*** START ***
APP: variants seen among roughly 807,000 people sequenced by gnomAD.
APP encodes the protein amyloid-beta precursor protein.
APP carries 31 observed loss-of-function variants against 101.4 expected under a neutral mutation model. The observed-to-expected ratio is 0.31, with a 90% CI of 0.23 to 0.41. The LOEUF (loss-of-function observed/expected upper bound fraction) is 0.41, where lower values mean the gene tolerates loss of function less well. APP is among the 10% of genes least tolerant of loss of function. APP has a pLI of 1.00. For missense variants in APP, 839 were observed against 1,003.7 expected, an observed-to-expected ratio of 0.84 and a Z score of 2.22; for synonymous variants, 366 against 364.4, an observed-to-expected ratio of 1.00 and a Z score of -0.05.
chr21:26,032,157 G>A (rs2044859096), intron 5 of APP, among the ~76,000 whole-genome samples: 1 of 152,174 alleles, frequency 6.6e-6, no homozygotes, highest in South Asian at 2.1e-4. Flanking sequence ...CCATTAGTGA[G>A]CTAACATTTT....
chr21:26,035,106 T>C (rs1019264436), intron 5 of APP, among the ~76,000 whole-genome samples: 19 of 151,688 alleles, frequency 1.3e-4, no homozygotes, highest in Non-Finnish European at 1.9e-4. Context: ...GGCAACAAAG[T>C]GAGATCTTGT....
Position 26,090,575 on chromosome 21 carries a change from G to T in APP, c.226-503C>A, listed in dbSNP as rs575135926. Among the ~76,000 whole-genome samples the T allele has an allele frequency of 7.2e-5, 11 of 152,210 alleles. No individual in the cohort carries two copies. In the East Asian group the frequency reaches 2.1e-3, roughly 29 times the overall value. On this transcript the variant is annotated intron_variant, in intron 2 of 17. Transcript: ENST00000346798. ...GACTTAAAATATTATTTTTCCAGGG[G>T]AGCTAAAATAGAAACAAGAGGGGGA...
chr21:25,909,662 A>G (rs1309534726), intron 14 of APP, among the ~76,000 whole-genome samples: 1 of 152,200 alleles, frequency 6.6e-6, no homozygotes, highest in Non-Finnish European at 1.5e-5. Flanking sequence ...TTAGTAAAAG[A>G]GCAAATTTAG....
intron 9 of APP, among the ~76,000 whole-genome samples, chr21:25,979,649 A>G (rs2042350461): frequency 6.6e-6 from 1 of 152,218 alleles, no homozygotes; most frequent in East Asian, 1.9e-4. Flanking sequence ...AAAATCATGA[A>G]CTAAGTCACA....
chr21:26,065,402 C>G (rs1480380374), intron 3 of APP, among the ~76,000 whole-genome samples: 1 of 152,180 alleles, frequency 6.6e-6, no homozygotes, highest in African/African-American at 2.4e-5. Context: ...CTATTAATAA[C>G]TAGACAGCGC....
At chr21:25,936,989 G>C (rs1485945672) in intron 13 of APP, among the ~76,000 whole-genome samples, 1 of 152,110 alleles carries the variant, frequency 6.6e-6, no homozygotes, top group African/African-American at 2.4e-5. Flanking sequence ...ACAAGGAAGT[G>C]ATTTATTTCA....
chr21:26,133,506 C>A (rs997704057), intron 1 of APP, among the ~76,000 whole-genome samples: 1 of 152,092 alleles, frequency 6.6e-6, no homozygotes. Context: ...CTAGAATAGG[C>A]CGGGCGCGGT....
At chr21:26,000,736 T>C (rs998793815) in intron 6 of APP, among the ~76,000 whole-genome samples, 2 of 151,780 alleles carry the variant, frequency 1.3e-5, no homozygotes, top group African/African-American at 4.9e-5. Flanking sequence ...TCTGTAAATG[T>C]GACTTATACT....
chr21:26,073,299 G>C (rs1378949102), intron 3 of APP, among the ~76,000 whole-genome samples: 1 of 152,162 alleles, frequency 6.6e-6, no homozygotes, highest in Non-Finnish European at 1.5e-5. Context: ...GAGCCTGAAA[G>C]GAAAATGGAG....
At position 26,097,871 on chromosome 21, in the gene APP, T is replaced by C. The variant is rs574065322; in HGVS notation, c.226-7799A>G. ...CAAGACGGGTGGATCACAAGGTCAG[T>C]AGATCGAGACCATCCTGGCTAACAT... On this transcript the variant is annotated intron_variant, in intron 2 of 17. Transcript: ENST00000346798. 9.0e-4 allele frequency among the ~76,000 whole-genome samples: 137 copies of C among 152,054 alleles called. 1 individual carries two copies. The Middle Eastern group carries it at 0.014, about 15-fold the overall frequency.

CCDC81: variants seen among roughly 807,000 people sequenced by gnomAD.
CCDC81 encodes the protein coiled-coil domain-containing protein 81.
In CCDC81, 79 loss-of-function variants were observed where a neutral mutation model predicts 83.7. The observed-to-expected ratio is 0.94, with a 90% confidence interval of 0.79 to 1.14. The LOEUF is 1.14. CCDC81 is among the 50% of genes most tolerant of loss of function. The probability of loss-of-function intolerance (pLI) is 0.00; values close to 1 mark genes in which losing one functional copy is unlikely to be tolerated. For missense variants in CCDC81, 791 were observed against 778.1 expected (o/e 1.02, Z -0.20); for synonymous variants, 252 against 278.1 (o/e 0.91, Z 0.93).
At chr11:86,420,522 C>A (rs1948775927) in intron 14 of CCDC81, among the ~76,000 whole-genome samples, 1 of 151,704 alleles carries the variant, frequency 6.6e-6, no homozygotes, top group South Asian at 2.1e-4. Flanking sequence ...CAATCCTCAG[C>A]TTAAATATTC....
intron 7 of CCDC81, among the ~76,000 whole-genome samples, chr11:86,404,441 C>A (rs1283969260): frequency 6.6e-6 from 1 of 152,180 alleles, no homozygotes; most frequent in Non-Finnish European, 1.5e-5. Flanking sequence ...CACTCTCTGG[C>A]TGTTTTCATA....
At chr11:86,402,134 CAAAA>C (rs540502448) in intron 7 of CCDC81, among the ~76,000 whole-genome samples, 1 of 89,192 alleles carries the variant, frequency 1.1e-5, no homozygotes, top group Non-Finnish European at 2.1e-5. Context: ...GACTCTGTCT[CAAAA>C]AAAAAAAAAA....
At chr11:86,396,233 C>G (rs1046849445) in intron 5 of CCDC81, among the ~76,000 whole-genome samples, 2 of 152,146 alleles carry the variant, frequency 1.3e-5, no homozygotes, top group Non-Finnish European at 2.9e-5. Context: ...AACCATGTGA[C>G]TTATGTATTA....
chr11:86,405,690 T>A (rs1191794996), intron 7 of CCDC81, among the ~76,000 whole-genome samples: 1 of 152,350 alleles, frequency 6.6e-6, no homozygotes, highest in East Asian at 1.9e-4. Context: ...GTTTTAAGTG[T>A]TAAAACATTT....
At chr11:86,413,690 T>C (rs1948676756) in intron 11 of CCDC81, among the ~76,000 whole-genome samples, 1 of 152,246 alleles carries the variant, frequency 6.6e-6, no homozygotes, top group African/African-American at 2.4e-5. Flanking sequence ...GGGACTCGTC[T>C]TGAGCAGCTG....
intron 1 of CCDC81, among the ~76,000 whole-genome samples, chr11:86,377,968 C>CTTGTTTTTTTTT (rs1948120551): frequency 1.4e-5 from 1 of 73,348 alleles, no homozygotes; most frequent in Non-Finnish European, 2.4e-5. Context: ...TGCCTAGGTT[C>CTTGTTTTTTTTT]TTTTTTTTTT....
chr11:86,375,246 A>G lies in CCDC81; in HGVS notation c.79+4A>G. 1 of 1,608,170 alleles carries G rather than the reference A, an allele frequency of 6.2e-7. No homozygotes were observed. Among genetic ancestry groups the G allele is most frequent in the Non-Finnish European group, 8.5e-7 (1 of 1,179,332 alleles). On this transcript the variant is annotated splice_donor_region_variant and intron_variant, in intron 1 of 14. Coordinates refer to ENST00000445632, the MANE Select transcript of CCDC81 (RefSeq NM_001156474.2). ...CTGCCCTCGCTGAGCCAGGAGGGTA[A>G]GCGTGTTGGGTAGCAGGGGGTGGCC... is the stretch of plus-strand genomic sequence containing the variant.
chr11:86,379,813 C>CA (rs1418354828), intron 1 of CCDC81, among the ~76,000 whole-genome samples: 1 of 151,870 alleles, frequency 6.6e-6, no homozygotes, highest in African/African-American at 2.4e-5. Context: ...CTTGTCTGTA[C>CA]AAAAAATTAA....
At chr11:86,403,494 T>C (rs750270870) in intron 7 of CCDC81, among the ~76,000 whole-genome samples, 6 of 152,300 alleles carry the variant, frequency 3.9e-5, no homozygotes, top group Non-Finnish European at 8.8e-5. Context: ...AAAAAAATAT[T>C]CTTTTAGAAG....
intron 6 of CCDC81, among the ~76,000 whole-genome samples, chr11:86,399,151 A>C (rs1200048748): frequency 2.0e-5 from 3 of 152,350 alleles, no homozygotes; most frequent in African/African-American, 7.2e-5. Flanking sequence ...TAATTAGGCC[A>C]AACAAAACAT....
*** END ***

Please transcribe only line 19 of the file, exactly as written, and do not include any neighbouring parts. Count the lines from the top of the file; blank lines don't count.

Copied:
intron 7 of CCDC81, among the ~76,000 whole-genome samples, chr11:86,404,441 C>A (rs1283969260): frequency 6.6e-6 from 1 of 152,180 alleles, no homozygotes; most frequent in Non-Finnish European, 1.5e-5. Flanking sequence ...CACTCTCTGG[C>A]TGTTTTCATA....